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# Introduction to Optimal Control Theory

## and Hamilton-Jacobi equations

Seung Yeal Ha
Department of Mathematical Sciences
Seoul National University

1
A priori message from SYHA

## ”The main purpose of these series of lectures is to make

vanced course on stochastic optimal control theory that
you might have in future. ”

2
Lecture Schedules

3
References

## • An introduction to mathematical optimal control theory by

Craig Evans. Available at www.math.berkeley.edu/ evans.

## • Introduction to the mathematical theory of control by Alberto

Bressan and Benedetto Piccoli.

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What do you mean by control of system ?

## • (Weak sense): Checking or testing whether the system’s be-

havior is satisfactory.

## • (Strong sense): Putting things in order to guarantee that

the system behaves as desired.

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Maxims

## • ”Since the building of the universe is perfect and is created

by the wisdom creator, nothing arises in the universe in which
one cannot see the sense of some maximum or minimum.” by
Leonhard Euler

## • ”The words control theory are, of course, of recent origin, but

the subject itself is much older, since it contains the classical
calculus of variations as a special case, and the first calculus of
variations problems go back to classical Greece.” by Hector J.
Sussmann.

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Lecture 1: ABC of Optimal Control Theory

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Goal of OCT

## The objective of OCT is to determine the control signals that

will cause a process to satisfy the physical constraints and at
the same time minimize (or maximize) some performance
criterion.

## ”A problem well put is a problem half solved”

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Key words of Lecture 1

## • Bang-bang control (principle), Kalman’s rank theorem, ob-

servability,

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Three giants of modern control theory

## Bellman’s dynamic programming (1953)

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• Lev Pontryagin (3 September 1908 – 3 May 1988)

## Pontryagin’s Maximum principle (PMP) (1956)

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• Rudolf E. Kalman (19 May 1930)

## Kalman filter, Kalman’s rank theorem (1960)

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Controlled dynamical systems

• (Dynamical system)

## ẋ = f (x, t), x = (x1, · · · , xn), x = x(t) ∈ Rn.

x: state (variable)

## ẋ = f (x, u, t), u = (u1, · · · , um), u = u(t) ∈ Rm.

u: control (parameter)

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• Example 1: Merton’s optimal investment and consumption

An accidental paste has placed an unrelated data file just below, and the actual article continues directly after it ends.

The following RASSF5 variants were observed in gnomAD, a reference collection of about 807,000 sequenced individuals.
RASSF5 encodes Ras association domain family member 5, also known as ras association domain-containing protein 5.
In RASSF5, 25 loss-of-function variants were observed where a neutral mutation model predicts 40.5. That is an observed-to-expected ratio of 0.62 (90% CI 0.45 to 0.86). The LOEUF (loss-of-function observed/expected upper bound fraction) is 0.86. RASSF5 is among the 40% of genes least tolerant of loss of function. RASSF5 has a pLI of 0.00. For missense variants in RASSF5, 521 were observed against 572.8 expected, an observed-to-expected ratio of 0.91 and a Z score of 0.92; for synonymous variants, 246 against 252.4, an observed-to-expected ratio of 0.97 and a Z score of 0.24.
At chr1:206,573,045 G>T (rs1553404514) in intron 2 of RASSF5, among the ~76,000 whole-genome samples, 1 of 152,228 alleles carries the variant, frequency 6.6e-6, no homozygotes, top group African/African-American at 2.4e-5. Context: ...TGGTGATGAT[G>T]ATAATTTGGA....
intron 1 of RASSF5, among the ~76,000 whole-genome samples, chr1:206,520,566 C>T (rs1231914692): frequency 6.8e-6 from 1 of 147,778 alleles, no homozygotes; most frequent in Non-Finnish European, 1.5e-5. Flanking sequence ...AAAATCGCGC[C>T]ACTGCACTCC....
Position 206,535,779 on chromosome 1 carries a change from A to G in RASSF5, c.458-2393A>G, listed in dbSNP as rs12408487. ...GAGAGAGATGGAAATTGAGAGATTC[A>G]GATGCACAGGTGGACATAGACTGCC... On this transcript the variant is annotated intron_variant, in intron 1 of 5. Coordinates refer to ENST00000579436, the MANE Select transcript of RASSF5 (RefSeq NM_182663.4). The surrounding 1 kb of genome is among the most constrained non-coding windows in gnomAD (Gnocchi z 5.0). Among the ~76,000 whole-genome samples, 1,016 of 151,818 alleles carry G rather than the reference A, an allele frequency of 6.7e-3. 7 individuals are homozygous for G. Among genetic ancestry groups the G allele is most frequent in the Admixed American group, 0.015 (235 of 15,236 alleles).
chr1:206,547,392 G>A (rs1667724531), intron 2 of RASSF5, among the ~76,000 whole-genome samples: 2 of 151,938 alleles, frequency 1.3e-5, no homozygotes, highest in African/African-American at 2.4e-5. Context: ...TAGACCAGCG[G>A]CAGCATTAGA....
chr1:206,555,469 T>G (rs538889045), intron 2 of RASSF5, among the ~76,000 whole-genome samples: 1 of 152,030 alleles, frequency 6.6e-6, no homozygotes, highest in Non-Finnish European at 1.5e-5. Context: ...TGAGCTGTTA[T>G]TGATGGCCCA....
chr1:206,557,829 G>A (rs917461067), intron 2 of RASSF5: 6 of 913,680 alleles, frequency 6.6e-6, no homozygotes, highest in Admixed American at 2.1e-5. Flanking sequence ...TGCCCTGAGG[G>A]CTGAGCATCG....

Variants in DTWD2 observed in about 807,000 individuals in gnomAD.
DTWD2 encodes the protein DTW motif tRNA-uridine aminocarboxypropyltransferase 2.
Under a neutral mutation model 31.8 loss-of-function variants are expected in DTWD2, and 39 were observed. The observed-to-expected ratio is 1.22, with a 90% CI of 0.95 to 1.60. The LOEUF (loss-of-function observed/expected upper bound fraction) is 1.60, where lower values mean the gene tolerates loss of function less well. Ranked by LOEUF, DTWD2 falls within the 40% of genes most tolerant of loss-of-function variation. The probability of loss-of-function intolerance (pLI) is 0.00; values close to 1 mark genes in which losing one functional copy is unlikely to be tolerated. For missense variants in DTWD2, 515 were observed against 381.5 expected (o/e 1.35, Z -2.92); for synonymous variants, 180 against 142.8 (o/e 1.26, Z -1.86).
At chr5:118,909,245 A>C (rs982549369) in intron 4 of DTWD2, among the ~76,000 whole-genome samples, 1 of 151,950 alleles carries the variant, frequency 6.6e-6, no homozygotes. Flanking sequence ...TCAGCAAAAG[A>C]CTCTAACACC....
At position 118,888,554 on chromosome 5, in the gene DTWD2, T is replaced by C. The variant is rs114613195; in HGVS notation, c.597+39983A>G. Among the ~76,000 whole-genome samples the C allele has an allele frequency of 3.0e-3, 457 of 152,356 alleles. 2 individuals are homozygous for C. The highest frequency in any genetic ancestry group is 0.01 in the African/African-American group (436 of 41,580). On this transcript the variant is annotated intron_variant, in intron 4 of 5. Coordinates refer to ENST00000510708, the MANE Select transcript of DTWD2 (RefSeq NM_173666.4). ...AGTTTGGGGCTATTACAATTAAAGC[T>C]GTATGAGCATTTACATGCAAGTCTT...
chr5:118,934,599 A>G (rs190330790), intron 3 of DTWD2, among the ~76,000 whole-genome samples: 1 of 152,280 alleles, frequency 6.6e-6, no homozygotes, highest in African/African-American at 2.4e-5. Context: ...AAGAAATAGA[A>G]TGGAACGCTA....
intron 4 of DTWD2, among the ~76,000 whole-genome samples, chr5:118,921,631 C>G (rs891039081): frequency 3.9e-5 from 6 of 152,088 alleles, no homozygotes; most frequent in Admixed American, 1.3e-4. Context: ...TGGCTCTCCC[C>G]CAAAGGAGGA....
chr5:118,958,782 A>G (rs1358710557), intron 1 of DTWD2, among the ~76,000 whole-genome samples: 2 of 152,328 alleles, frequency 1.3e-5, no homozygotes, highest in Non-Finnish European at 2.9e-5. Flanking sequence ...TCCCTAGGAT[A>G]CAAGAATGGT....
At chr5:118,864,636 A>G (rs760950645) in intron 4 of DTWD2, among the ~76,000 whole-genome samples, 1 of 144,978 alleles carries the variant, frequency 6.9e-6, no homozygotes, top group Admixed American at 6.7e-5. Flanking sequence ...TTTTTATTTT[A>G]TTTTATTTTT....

## Consider an individual whose wealth today is W 0, and who will

live exactly T years. His task is to plan the rate of consumption
of wealth C(s) for 0 < s < T . All wealth not yet consumed earns
interest at a fixed rate r. We have, for simplicity, assigned no
utility to final-time wealth (a bequest).

## Let W (t) to be the amount of wealth at time t.

(
Ẇ = rW − C, 0 < t ≤ T,
W (0) = W 0,
 Step B: (Identification of physical constraints)

W (t) ≥ 0, W (T ) = 0, C(t) ≥ 0.

##  Step C: (Performance measure)

Z T
P [C] = e−ρtU (C(s))ds, max P [C].
0
where ρ is a discounting rate, and U is the utility function of
consumption.

## • Reformulation as calculus of variation problem

Z T
max e−ρth(rW − Ẇ )ds, subject to W (0) = W 0.
W (·) 0
• Example 2. (automobile problem): Minimum-time optimal
problem

## The car is to be driven in a strainght line away from the point 0

to the point e. The distance of the car from 0 at time t is given
by d(t). For simplicity, we assume that the car is denoted by the
unit point mass that can be accelerate by using the throttle or
decelerated by using the brake.

We set
¨ = α(t) + β(t),
d(t)
where α and β stand for throttle accelerate and braking decel-
eration respectively.
Again we set

x1 := d, ˙
x2 := d, u1 := α, u2 := β.
Then our controlled dynamical system is given by
! !
0 1 0 1
ẋ(t) = x(t) + u(t),
0 0 1 1
and two point boundary conditions:
! !
0 e
x(t0) = , x(tf ) = .
0 0
 Step B: (Identification of physical constraints)

State constraints
0 ≤ x1 ≤ e, 0 ≤ x2 .

Control constraints
0 ≤ u1 ≤ M1, −M2 ≤ u2 ≤ 0.

## Assume that the amount of gasoline at time t = t0 is G gal-

lons, and the rate of gas consumption is proportional to both
accelerate and speed, thus the amount of gasoline used
Z t  
f
k1u1(t) + k2x2(t) dt ≤ G.
t0
 Step C: (Performance measure)

Minimum-time control

minimize J := tf − t0.
In general, the performance measure takes the form of
Z t
f
J = g(x(tf ), tf ) + r(x(t), u(t), t)dt,
t0

## Admissible controls: controls satisfying physical constraints,

Optimal control problem

## Optimal control problem is to find an admissible control u∗ which

causes the system ẋ = f (x, u, t) to follow an admissible trajectory
x∗ that maximize the performance measure (payoff)
Z t
f
P = g(x(tf ), tf ) + r(x(t), u(t), t)} dt.
| {z } t0 | {z
terminal payoff running payoff

In this lecture, we assume that Uad denotes the set of all admis-
sible controls:

## Uad := {u : R+ → U : u = u(·) is measurable

and satisfies constraints},
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and U = [−1, 1]n : symmetric and convex.

• Basic problem

 Main questions

trol)

## 2. How can we characterize an optimal control mathematically

? (characterization of optimal control)

optimal control)
Two examples

 Assumptions:

## • We reinvest the remaining fraction

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Let u = u(t) be the fraction of output reinvested at time t ≥ 0,
0 ≤ u ≤ 1. In this case
(
ẋ = ux, 0 < t ≤ T,
x(0) = x0,
where
x ≥ 0, 0 ≤ u ≤ 1, U = [0, 1].
and
Z T
P [u] = (1 − u(t))x(t)dt.
0
2. A pedulum problem
(
θ̈ + λθ̇ + ω 2 sin θ = u, 0 < t ≤ T,
θ(0) = θ0, θ̇(0) = ω0.
We use the approximation

sin θ ≈ θ, |θ|  1
to get the linear approximate equation
(
θ̈ + λθ̇ + ω 2θ = u, 0 < t ≤ T,
θ(0) = θ0, θ̇(0) = ω0.
So the main question is to determine the control u so that (θ, θ̇
approaches (0, 0) as soon as possible. (minimum-time control
problem)
We set
x1 = θ, x2 = θ̇,
then, we have
! ! ! !
d x1 0 1 x1 0
= + .
dt x2 −ω 2 −λ x2 u
We now set
! !
x1 0
τ = τ [α(·)] : first time such that = .
x2 0
We also define
Z τ
P [α] = − 1dt = −τ.
0
Controllability